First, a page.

According to a study by Swiss researchers, people are 14% more likely to die on their birthday than on some other day of the year. (source)

The typical person breathes 370,000 cubic metres of air in their lifetime.

A group of researchers counted the number of troubles in the world, and came up with a total of 2,653. (source)

It is estimated that most people forget 99% of phone numbers given to them but not written down or otherwise recorded.

In the United States, a person's lifetime risk of being struck by lightning is 1 in 10,000.

The number of television sets in American homes increased around 10,000% between 1947 and 1952. (source)

Britain's Royal Mail lost 14.4 million letters in 2002–03. (source)

Thirteen percent of the world's population lives in deserts, which account for about one-third of the Earth's land surface.

Railway passengers in Great Britain wasted the equivalent of 4,632 years in 2001 as a result of late trains. (source)

On August 18, 1913, on an unbiased roulette wheel at Monte Carlo, evens came up 26 times in a row. The probability of this happening is 1 in 136,823,184.

In 1936, Literary Digest magazine polled 10 million people using the telephone and its mailing list to try to predict the outcome of the United States presidential election, more people than in any previous presidential election survey. Their results indicated that Alf Landon would defeat Franklin Roosevelt by a margin of 370 electoral votes to 161; however, in the election, Landon was trounced by Roosevelt by a margin of 523 electoral votes to 8, at the time the largest landslide in a contested presidential election. The problem with the survey was that, during the Great Depression, telephones and magazine subscriptions were luxuries that not everybody could afford. Those who could afford such luxuries tended to vote Republican, but the voting public in general was more inclined to vote Democrat. (source)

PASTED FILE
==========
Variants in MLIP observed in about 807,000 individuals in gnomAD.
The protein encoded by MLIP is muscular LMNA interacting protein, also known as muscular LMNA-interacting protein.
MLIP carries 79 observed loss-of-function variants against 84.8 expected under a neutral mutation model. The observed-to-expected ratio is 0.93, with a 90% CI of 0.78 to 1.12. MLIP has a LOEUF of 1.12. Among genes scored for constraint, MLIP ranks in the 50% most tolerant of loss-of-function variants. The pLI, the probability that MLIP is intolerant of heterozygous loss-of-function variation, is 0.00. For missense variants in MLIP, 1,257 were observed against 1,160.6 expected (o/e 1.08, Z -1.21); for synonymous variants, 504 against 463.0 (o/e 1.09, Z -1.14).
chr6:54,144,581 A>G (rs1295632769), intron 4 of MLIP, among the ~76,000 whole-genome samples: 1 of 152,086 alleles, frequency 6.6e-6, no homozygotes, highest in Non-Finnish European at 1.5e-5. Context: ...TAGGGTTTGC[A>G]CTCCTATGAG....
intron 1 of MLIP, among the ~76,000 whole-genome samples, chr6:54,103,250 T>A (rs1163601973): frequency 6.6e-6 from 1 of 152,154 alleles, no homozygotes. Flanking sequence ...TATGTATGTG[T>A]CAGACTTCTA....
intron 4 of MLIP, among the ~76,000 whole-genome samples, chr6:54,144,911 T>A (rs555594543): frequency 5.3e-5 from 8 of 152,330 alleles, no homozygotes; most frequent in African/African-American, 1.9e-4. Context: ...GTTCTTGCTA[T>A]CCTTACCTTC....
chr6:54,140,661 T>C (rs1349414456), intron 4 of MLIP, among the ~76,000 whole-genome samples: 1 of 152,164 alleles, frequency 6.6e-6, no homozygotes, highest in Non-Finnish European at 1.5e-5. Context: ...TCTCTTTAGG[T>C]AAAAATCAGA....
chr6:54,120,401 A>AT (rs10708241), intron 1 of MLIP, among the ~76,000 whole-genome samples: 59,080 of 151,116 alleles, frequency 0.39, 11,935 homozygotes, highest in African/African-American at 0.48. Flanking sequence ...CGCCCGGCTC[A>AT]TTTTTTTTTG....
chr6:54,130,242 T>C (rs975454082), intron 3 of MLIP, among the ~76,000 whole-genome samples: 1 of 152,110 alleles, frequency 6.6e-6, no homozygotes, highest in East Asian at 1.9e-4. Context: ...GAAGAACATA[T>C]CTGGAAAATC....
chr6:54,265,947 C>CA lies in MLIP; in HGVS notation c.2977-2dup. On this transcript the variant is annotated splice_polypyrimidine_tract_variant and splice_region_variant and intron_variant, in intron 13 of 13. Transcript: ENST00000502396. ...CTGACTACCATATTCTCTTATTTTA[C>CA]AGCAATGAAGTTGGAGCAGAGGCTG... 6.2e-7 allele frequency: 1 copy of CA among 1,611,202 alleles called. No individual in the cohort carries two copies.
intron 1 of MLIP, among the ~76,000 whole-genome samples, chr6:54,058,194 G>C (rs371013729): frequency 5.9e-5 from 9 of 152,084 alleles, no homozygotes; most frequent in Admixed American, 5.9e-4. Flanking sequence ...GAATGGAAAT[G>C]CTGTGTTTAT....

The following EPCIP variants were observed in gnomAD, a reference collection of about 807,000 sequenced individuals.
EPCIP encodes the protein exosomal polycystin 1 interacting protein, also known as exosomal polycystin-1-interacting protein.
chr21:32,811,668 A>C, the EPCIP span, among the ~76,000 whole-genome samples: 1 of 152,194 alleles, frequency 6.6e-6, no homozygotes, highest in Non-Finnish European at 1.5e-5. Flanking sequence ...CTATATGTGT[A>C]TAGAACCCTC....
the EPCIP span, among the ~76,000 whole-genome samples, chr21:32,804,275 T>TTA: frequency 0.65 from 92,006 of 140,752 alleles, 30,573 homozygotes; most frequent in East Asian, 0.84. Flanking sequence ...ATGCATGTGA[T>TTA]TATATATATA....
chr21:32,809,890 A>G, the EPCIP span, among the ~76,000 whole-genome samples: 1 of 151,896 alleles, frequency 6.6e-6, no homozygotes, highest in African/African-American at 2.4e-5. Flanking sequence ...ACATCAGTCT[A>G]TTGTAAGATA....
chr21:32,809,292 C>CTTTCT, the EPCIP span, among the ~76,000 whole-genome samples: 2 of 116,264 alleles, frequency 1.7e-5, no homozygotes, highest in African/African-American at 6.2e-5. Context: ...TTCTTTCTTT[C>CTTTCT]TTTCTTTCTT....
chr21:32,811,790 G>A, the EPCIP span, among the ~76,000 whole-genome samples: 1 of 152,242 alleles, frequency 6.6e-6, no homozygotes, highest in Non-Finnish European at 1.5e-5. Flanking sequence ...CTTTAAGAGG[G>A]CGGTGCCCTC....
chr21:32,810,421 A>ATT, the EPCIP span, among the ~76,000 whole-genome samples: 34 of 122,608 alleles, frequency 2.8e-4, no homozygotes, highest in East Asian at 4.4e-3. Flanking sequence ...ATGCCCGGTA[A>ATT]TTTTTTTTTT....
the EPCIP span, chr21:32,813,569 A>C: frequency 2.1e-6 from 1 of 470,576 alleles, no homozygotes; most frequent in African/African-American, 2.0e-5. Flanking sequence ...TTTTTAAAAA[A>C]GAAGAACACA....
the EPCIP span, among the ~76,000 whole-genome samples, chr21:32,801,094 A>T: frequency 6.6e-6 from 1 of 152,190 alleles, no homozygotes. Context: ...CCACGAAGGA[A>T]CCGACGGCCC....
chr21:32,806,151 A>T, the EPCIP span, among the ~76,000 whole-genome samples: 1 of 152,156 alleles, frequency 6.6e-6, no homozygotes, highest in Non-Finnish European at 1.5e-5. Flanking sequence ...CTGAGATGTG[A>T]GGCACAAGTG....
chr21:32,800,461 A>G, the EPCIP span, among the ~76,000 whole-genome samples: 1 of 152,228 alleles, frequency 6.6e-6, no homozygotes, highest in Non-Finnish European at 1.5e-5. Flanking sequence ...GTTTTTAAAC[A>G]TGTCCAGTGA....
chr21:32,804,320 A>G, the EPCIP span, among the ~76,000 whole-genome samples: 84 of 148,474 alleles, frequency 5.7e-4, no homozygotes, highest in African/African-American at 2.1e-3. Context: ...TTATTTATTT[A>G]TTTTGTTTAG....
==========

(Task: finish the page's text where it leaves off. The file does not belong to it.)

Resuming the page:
In a game of bridge, there are 53,644,737,765,488,792,839,237,440,000 possible ways in which the cards can be dealt. (source)

View more facts about: Sports and Games

One's lifetime risk of dying due to living with a smoker is 1 in 4,200. (source)

View more facts about: Medicine and Health

Half of the population of Uganda is under 15 years of age. (source)

View more facts about: World Countries

100 people a year choke to death on ball-point pens.

View more facts about: Unusual Ways to Die

It has been estimated that over 100,000 different religious faiths have existed since the dawn of humanity. Most of them, of course, have failed. (source)

View more facts about: Philosophy and Religion

Around 40% of murders occur during arguments. (source)

View more facts about: Crime

For every 100,000 girls, 223 will become doctors and 17,475 will become nurses.

View more facts about: Medicine and Health

A 1947 study found that during the Second World War, only about 15 to 25 percent of the American infantry ever fired their rifles in combat. (source)

View more facts about: Weapons and Battles